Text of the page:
• "What about legacy code?" The point is that free is a matter of managing cost. If you add unit tests to legacy code, the cost isn't free. So don't do that. Instead, add unit tests as part of maintenance, bug-fixing and new development -- then it's free.

  • "Traning is an issue" In my experience, it's a matter of a few solid examples, and management demand for unit tests in addition to code. It doesn't require more than an all-hands meeting to explain that unit tests are required and here are the examples. Then it requires everyone report their status as "tests written/tests passed". You aren't 60% done, you're 232 out of 315 tests.

  • "it's only free on average if it works for a given project" Always true, good point.

  • "require more time, time aren't free for the business" You can either write bad code that barely works and requires a lot of support, or you can write good code that works and doesn't require a lot of support. I think that the time spent getting tests to actually pass reduces support, maintenance and debugging costs. In my experience, the value of unit tests for refactoring dramatically reduces the time to make architectural changes. It reduces the time to add features.

  • "I do not think either that it's ROI immediately" Actually, one unit test has such a huge ROI that it's hard to characterize. The first test to pass becomes the one think that you can really trust. Having just one trustworthy piece of code is a time-saver because it's one less thing you have to spend a lot of time thinking about.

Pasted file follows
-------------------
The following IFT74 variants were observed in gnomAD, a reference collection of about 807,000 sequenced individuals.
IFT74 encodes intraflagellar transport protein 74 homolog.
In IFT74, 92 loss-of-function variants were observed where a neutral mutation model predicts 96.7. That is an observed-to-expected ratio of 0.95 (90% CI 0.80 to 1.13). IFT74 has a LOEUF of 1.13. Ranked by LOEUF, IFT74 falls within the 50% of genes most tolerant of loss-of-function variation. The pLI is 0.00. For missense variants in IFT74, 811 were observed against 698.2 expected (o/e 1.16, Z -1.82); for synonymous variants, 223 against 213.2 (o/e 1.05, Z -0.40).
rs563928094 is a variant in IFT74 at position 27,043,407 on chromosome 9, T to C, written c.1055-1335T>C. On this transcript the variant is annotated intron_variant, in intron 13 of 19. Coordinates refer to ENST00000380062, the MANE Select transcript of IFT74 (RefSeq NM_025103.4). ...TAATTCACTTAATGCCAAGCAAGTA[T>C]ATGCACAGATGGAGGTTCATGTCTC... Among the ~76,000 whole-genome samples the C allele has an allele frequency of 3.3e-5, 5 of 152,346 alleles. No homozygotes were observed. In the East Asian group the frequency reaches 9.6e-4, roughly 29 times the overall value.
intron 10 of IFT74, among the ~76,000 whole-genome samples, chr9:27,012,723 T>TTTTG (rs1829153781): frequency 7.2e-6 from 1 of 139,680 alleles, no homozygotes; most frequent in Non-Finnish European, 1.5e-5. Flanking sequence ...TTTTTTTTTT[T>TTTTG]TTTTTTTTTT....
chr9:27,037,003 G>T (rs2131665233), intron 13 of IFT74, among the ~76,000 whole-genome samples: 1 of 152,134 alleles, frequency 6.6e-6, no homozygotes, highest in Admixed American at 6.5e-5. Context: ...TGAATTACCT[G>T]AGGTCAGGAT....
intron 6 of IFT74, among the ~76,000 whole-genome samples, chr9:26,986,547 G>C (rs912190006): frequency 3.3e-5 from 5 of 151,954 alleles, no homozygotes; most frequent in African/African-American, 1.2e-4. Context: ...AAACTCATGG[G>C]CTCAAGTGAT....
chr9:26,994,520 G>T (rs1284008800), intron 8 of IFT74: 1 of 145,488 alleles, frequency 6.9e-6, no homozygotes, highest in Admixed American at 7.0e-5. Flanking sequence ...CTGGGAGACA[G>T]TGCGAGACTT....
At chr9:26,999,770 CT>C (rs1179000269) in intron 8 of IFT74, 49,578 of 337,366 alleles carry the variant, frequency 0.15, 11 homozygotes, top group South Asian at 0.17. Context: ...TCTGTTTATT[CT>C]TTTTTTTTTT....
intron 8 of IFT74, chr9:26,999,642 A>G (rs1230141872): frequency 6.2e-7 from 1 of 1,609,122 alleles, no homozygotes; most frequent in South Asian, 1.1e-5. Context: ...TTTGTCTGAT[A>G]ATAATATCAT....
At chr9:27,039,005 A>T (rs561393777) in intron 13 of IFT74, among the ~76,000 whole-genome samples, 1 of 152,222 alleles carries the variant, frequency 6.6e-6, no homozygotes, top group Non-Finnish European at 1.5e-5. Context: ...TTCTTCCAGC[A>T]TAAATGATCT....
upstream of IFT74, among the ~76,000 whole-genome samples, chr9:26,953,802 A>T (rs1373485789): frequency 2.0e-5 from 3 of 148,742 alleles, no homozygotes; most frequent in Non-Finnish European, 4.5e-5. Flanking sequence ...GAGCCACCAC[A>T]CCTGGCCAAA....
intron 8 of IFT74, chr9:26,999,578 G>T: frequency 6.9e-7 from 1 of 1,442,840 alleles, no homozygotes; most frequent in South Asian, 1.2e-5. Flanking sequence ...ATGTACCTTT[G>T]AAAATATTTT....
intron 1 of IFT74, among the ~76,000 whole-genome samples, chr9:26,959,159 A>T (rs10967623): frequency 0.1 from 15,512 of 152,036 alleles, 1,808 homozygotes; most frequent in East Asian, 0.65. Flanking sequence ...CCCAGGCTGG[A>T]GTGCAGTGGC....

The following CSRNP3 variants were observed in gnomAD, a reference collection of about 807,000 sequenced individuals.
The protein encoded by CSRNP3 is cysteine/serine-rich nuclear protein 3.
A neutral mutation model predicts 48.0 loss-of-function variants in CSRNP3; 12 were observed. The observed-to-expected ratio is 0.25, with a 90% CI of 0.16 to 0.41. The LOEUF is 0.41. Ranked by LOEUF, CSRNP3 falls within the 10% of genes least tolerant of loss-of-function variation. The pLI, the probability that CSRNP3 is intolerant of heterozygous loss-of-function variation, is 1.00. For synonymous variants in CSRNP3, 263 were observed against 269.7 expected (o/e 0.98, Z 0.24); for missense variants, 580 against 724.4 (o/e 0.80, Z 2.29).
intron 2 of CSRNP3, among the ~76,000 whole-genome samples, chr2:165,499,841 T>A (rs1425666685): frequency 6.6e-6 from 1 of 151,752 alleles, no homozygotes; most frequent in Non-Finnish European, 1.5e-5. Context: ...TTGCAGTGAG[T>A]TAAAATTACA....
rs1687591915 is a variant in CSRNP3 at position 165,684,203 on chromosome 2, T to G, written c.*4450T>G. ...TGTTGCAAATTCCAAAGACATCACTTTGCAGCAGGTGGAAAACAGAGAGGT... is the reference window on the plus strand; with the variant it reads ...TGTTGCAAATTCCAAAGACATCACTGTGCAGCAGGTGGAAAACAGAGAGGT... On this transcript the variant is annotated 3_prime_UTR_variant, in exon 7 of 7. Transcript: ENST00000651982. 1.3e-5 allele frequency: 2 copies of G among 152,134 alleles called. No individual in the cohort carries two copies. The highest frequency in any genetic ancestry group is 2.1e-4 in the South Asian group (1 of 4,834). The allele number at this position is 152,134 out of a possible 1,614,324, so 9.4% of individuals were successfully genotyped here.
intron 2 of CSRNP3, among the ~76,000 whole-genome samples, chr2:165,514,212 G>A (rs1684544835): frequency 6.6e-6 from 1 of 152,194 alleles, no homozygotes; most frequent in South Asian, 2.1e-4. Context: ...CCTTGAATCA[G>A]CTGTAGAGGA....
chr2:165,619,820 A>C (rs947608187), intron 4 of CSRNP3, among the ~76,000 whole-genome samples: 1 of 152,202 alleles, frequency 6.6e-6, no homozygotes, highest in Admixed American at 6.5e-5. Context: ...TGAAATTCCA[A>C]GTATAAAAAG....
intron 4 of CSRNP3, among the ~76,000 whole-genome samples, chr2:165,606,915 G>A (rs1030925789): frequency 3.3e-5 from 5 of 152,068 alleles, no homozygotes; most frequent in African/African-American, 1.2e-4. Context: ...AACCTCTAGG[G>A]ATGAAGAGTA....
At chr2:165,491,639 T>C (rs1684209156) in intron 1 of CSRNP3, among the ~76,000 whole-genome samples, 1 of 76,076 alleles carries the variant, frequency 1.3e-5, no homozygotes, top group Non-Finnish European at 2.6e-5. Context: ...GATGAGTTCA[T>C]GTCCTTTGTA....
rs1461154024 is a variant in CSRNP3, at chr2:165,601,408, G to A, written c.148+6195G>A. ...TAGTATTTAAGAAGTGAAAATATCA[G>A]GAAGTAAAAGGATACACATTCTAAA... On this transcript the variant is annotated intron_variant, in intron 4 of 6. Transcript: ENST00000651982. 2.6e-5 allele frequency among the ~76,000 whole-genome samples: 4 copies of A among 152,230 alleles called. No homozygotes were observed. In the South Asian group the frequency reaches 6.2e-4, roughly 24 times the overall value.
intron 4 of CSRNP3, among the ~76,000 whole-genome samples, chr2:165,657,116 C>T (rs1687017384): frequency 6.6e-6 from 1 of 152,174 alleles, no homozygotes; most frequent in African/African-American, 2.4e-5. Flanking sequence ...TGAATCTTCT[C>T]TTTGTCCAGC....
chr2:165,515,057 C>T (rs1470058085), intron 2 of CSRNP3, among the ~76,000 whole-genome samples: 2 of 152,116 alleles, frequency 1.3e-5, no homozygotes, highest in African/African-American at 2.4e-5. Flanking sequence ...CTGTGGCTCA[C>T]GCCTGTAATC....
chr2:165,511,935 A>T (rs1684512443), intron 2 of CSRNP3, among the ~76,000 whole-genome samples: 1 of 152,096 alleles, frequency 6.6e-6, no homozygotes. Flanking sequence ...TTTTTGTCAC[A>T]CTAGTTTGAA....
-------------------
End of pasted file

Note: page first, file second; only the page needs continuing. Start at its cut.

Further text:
War Story

This week I had to finish a bulk data loader; it validates and loads 30,000 row files we accept from customers. We have a nice library that we use for uploading some internally developed files. I wanted to use that module for the customer files. But the customer files are enough different that I could see that the library module API wasn't really suitable.

So I rewrote the API, reran the tests and checked the changes in. It was a significant API change. Much breakage. Much grepping the source to find every reference and fix them.

After running the relevant tests, I checked it in. And then I reran what I thought was an not-closely-related test. Ooops. It had a failure. It was testing something that wasn't part of the API, which also broke. Fixed. Checked in again (an hour late).